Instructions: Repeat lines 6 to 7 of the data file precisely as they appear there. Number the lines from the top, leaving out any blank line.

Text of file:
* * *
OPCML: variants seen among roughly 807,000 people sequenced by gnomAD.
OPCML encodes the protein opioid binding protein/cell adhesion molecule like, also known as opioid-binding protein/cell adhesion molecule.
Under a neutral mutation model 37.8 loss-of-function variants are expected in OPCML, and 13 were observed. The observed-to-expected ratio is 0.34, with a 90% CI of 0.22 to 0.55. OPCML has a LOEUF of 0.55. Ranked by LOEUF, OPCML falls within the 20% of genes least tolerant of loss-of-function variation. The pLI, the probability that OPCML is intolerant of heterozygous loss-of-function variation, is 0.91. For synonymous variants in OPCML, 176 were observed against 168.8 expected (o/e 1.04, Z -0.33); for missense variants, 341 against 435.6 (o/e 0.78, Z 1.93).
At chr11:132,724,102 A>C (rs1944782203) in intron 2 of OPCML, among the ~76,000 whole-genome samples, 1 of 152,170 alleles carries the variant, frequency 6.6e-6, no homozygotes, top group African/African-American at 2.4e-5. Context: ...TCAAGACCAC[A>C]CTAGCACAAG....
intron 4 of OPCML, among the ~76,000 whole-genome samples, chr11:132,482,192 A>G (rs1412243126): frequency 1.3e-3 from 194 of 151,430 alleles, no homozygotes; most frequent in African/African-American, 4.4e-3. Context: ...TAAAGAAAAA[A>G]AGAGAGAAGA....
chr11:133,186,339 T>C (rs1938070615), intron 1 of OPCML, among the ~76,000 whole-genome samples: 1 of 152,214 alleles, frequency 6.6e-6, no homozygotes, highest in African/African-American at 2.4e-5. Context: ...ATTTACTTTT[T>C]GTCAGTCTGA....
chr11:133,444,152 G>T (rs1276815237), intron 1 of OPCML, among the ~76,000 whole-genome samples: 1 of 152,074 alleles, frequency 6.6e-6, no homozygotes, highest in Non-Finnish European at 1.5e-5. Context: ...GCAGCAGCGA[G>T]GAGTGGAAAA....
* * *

chr11:133,186,339 T>C (rs1938070615), intron 1 of OPCML, among the ~76,000 whole-genome samples: 1 of 152,214 alleles, frequency 6.6e-6, no homozygotes, highest in African/African-American at 2.4e-5. Context: ...ATTTACTTTT[T>C]GTCAGTCTGA....
chr11:133,444,152 G>T (rs1276815237), intron 1 of OPCML, among the ~76,000 whole-genome samples: 1 of 152,074 alleles, frequency 6.6e-6, no homozygotes, highest in Non-Finnish European at 1.5e-5. Context: ...GCAGCAGCGA[G>T]GAGTGGAAAA....